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Section IV
The Grange Tomorrow

To worthy families-rural and urban-The Grange extends an invitation to participate at a time when there is ever-increasing need for a rededication and united support of the principles of individual integrity and fair dealing among men at home and throughout the world.

The Grange offers the opportunity to worthy individuals to use their abilities as part of a united effort to expand freedom at home and abroad, to speed progress, and to enlarge the horizon of the American family for service and abundant living.

Pattern for the Second Century

In the foregoing pages there has been briefed-often too much condensed-the dramatic story of the soul-satisfying, enjoyable, personal growth, and service-to-others features of Grange membership and the almost-beyond-belief local, state, and national services that the Grange has performed for nearly 100 years to improve communities, states, and the national well-being; and to influence our government as a servant of all Americans.

The question is paramount now as to whether this "First Century of Service and Evolution" should, without modification, become the foundation for the Grange's second century.

While it is clear that much of the character, development, and achievement of this second century is already cast, members of the Grange during this Centennial Year need to think deeply, discuss at length, and act courageously to extend the effectiveness of all Grange principles and activities.

Not only must the Grange keep on doing better the splendid things it has been doing, but members and leaders must seek to recognize and reclaim lost opportunities to improve the effectiveness of all Grange units as community builders.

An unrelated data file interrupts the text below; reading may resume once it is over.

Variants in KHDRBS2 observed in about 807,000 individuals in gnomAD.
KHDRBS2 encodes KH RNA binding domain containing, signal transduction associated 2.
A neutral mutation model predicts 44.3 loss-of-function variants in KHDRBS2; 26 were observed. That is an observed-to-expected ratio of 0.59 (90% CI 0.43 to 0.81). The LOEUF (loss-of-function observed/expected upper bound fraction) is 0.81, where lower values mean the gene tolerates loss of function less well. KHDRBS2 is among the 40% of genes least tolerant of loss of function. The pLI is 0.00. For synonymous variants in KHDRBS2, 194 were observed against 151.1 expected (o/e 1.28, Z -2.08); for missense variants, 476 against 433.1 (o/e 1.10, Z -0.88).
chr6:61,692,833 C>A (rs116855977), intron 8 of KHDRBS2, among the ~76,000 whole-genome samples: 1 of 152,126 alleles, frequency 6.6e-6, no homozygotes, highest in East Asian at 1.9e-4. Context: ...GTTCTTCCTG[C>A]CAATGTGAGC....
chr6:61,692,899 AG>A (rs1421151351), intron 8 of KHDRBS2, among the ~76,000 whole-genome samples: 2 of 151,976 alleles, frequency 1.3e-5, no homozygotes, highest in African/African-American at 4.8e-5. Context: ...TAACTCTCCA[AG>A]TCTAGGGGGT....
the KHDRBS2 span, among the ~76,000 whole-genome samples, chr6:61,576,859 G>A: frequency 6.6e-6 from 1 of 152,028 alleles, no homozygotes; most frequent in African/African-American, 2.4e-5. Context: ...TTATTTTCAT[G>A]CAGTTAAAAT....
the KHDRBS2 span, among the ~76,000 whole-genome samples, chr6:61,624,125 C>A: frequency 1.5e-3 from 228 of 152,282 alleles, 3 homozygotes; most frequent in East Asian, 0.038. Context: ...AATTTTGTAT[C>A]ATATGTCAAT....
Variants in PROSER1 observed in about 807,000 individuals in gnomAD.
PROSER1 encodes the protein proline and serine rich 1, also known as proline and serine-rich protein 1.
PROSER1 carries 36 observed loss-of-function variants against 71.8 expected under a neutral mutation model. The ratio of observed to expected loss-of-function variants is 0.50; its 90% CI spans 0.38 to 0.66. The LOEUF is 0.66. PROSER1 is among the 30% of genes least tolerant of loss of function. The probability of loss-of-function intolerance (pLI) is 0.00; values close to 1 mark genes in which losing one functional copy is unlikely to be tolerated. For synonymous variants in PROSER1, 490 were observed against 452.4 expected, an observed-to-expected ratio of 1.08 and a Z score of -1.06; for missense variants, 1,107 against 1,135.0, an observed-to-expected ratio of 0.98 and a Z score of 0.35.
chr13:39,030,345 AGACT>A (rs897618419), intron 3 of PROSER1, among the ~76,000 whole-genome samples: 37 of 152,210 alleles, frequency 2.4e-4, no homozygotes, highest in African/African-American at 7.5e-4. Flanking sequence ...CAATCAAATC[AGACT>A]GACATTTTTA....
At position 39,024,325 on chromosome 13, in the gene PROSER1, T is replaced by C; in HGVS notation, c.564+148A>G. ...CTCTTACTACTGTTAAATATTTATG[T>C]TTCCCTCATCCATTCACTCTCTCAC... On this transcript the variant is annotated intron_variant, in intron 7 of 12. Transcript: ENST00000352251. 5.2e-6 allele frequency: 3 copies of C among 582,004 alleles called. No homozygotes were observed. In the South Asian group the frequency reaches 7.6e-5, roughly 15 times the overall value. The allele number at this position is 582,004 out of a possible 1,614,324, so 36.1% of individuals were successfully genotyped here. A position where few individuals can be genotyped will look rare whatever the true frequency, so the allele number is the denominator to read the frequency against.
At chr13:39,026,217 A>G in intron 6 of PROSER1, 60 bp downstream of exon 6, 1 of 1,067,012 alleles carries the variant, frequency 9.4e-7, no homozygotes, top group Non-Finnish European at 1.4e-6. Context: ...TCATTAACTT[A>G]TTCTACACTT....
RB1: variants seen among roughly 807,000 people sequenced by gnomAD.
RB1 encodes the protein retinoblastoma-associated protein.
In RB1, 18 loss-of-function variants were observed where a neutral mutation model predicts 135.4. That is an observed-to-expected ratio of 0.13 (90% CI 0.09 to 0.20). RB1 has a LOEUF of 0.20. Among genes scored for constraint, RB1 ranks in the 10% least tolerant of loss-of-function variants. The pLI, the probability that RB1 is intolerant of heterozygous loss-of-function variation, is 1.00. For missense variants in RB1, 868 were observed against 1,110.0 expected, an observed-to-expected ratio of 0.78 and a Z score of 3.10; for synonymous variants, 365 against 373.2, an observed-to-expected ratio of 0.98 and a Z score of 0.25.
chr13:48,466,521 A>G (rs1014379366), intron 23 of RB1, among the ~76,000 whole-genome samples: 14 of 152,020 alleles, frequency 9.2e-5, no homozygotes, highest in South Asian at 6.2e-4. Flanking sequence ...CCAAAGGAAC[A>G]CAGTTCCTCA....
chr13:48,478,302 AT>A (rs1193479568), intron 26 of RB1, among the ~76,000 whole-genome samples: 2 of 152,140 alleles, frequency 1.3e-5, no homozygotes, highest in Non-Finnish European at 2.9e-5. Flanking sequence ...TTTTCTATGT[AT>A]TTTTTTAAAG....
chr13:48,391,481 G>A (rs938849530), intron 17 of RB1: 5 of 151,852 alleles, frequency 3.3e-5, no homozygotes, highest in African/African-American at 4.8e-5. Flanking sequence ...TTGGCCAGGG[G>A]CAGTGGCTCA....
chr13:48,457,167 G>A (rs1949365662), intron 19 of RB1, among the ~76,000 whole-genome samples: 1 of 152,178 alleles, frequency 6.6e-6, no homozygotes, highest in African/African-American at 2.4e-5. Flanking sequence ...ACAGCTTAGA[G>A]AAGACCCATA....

Here, gleaned from recent statements of a few of the many Grange leaders who have thought deeply about the future of the Grange, are quotes which should be pondered-not alone by Grange members but also by all who live in this great country which the Grange influenced in the past-and which this same Grange will doubtless be seeking to direct or influence in the future to the very limit of its ability to do sol Space does not permit use of all, and the selection by the author has been cruelly restricted by space limitations.

Five Features o f the Grange of Tomorrow

1. The community center for an area-the one spot where people of a common concern and interest, from nearby homes can come together as a group.
2. The Grange will have to be a recreational center in a much bigger sense than it is, depending upon its "community."
3. The Grange will be known for its public forum-a debating place on any or all issues; a legislative action center with candidates really seeking an invitation to be interviewed; a center where major local problems will be solved by local people in a democratic way.
4. The Grange will be the "service eye" of the area. Those truly down on their luck will be stimulated and assisted back to self-sufficiency; the forgotten will be remembered; the handicapped will be assisted to places of self-support.
5. The Grange will lead a crusade to appreciate U.S.A., to keep it free, to improve our image abroad.

Increased Devotion Needed

The Grange has served the family farm, but linked the villages and the ruralists into an urban life. Through its family memberships of adolescent youth and parents, it helped to bring about a family stability which developed individuals to higher potentialities by rubbing elbows with their peers in discussion, in debate, in committees. Taking the message of the Grange to legislative bodies, local, state, and national, it promoted the community and today, hundreds of our new cities in America owe their creation and support to the Grangers out in the hills where the creek forks.

The Grange tomorrow will continue this history of the past. Grange leaders and patrons will learn to adapt its formula of community service to the changing end of the 20th and the beginning of the 21st Centuries. Its voice is needed, as it has been for a century, in the legislative halls and business assemblies.

In order to fulfill its date with destiny, the Grange must have increasing devotion from its members-new and old, young and adult-in helping to put ideas into words and to receive ideas from others and to transmit them back at the Grange halls in thousands of communities. Information travels best on a two-way street, and the Grange must continue to give and to receive information in the public interest.